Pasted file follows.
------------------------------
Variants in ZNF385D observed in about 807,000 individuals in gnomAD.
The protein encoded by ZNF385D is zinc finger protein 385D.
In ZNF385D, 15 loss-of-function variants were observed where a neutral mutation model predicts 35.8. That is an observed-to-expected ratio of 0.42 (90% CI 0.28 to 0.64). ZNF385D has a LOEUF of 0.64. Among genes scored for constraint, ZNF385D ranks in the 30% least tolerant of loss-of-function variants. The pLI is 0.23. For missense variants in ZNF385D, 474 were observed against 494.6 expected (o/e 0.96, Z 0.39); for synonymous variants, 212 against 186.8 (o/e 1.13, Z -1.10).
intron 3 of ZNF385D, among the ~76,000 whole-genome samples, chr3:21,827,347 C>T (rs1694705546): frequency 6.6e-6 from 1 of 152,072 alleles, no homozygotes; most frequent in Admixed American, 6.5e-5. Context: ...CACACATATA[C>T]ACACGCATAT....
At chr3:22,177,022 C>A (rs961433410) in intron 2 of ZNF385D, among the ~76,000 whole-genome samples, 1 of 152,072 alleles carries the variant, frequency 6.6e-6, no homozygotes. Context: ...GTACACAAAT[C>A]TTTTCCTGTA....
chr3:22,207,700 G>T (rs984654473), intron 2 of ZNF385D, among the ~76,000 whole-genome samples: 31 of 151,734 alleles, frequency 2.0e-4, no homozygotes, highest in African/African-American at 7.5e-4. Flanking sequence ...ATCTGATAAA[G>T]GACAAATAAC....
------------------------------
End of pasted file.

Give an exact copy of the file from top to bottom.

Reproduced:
Variants in ZNF385D observed in about 807,000 individuals in gnomAD.
The protein encoded by ZNF385D is zinc finger protein 385D.
In ZNF385D, 15 loss-of-function variants were observed where a neutral mutation model predicts 35.8. That is an observed-to-expected ratio of 0.42 (90% CI 0.28 to 0.64). ZNF385D has a LOEUF of 0.64. Among genes scored for constraint, ZNF385D ranks in the 30% least tolerant of loss-of-function variants. The pLI is 0.23. For missense variants in ZNF385D, 474 were observed against 494.6 expected (o/e 0.96, Z 0.39); for synonymous variants, 212 against 186.8 (o/e 1.13, Z -1.10).
intron 3 of ZNF385D, among the ~76,000 whole-genome samples, chr3:21,827,347 C>T (rs1694705546): frequency 6.6e-6 from 1 of 152,072 alleles, no homozygotes; most frequent in Admixed American, 6.5e-5. Context: ...CACACATATA[C>T]ACACGCATAT....
At chr3:22,177,022 C>A (rs961433410) in intron 2 of ZNF385D, among the ~76,000 whole-genome samples, 1 of 152,072 alleles carries the variant, frequency 6.6e-6, no homozygotes. Context: ...GTACACAAAT[C>A]TTTTCCTGTA....
chr3:22,207,700 G>T (rs984654473), intron 2 of ZNF385D, among the ~76,000 whole-genome samples: 31 of 151,734 alleles, frequency 2.0e-4, no homozygotes, highest in African/African-American at 7.5e-4. Flanking sequence ...ATCTGATAAA[G>T]GACAAATAAC....